Latest Poems


The march of umbrellas. Half stretched
domes against turbulent clouds.
Faces pitched forward. The rhythm of
drops is the exhaust from heaven. It’s a
temporary wash of mankind, touching
coats and hats but not the heart. There’s
a walk of escape to a point up ahead.
People blur the canvas of motion, fighting
against the forces of nature. Everything
is awash in the color of wet.

Roger Singer


Black balusters and mahogany stairs
lead gracefully to a parquet second
floor landing. Decades of voices carried
the water of words to this quiet
circular elegance surrounded by
bookshelves and photos of New York
and Paris. Gold painted plaster
moldings wrap the area like decorative
ribbons. It all speaks with identity
and belonging; above there is a frieze
of a garden in continuous summer.
Through a wide set of leaded windows
a forest is in the distance.

Roger Singer


What does someone see when you
offer them a glimpse beneath your water?

The pillows of your dreams

Wilted emotions

Thoughts without makeup

Eyes listening but not seeing

Sunless days

The joy of rain

Favorite words

Fear of death

The honey of a smile

Running away

Closed doors

Acts of faith

A song that brings tears

City streets and strangers

Dirty hands

Unfinished conversations

Failed desires

Second chances

The next corner

Roger Singer


There is no unhappiness in a
Its industrial beauty shrugs with
Seasonal wars have no effect on its
There is nothing porous about it.
The stones once buried within ancient
soil are like diamonds and pearls,
protecting the perimeter of its
Fortune blesses the license of its
presence each day; a statement of
From a shuttered window the patterns are

Roger Singer


It’s my shoreline. A place of
footsteps and whispers, high clouds,
blue cobalt skies, forever horizon;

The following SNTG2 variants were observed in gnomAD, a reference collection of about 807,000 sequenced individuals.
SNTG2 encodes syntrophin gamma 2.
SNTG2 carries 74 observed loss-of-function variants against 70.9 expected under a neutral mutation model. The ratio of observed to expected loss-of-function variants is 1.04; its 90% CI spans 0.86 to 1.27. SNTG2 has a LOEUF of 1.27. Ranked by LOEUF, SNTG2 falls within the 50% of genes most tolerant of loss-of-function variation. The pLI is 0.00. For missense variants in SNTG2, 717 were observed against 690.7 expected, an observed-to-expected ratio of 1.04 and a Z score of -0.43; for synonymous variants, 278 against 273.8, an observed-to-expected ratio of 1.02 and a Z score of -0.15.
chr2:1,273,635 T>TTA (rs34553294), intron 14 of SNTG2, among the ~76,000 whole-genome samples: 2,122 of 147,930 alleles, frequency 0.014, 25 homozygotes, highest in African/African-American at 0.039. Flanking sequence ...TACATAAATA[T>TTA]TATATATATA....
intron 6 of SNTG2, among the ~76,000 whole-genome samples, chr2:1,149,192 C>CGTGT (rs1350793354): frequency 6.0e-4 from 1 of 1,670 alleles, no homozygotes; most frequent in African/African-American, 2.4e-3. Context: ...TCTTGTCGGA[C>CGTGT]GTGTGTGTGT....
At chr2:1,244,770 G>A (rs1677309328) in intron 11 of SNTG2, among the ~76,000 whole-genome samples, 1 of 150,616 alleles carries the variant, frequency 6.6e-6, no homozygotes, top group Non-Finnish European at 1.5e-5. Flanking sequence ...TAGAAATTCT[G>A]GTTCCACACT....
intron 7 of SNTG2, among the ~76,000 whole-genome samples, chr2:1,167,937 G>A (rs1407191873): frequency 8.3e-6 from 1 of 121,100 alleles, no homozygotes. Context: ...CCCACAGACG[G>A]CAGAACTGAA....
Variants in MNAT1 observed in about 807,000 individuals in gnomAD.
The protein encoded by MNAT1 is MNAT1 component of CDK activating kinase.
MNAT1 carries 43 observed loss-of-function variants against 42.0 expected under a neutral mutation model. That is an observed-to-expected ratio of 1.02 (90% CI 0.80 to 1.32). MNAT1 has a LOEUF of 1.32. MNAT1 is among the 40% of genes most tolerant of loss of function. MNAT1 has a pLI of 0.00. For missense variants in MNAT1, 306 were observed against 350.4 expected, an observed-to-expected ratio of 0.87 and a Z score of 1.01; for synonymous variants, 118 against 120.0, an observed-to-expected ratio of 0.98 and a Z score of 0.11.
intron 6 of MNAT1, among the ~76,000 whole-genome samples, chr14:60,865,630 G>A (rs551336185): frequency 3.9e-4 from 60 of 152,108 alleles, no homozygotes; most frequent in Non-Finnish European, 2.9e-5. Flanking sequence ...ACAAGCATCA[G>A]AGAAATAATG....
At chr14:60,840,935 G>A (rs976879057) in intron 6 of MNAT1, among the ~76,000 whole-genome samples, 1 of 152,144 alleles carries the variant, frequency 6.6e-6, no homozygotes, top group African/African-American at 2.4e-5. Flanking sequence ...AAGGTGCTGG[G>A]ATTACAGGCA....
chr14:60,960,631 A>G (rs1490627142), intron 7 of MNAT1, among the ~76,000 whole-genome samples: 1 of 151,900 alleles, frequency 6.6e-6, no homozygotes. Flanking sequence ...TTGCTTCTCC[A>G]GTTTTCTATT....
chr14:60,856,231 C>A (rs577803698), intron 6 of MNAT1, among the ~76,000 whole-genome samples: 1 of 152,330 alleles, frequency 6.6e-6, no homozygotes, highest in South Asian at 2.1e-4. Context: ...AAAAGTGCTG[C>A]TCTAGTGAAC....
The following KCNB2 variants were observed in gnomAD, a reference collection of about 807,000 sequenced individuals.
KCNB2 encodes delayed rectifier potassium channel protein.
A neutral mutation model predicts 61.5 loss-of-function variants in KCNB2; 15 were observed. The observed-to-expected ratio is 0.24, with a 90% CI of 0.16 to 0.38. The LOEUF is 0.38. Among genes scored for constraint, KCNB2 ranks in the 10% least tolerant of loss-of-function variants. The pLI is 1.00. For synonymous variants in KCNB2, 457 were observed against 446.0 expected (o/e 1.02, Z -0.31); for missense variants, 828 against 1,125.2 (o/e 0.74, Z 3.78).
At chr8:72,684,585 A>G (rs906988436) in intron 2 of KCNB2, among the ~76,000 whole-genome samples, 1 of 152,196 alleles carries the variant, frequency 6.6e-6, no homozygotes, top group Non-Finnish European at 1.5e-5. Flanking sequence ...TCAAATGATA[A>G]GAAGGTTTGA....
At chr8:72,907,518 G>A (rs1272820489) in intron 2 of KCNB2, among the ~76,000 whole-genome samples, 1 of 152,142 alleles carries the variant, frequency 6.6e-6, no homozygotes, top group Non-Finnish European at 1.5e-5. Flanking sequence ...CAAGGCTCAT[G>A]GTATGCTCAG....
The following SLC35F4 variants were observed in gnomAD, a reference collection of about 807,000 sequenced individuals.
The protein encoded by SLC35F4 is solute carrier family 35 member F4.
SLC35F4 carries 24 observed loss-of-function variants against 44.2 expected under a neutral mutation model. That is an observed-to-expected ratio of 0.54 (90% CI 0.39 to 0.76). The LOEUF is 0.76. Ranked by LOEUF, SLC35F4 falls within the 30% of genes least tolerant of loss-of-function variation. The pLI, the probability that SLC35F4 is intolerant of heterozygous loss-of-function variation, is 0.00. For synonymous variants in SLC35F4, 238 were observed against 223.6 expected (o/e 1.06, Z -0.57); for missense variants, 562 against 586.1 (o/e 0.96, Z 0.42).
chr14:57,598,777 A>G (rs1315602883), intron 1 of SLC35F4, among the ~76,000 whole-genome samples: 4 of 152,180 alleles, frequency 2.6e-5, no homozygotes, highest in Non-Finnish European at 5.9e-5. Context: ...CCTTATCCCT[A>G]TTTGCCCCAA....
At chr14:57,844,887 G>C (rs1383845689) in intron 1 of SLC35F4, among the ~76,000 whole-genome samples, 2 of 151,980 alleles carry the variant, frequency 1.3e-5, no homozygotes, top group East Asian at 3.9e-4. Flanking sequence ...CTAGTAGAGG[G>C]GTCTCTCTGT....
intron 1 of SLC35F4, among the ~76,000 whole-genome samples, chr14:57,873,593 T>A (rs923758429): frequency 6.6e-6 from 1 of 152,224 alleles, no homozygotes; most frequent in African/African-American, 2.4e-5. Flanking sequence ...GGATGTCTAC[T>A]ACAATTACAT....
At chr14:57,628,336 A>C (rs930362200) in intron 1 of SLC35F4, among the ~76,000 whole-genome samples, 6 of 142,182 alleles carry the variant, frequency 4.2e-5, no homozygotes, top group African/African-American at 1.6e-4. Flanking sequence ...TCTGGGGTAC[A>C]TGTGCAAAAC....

it’s a song I live. A moment brings me in,
an hour holds me tight. It’s a place
without time, without changing, it holds
the strength of me. I am the shadow of here.
I stand on the edge of myself, the backside
of the beginning. The escape with a forever
door. Rain or sun changes nothing from
where I stand.

Roger Singer


For some reason
they bring them in at night
shiny planes full of shiny boxes
There is a ghastly precision
a uniformed efficiency
indifference and order
If they gave out visitors’ passes
you could get close enough
to watch them disappear

Tim Dyson


In the cemetery of Beit She’arim
inside a tomb from the third century
paved with mosaic
and decorated with wildlife reliefs
is carved an inscription
commemorating a local resident.

The author, though Jewish, had a Greek style:

    I lie, son of Leontius dead, son of Sappho,
    who after having gathered of the fruit
    of all wisdom left the light.

    Woe is me, in my Beit She’arim.
    After having gone to Hades,
    I, Justus, lie here with many of my relatives
    for that is what powerful fate has decreed.
    Be consoled, Justus. No one is immortal.

Dark is the house without windows.
Dust is the only weather in the tomb.

Indifferent as a reflecting moon,
a green moth flitted over the stone,
then lay for a long moment on the ground.


Anne Whitehouse


As a child, I believed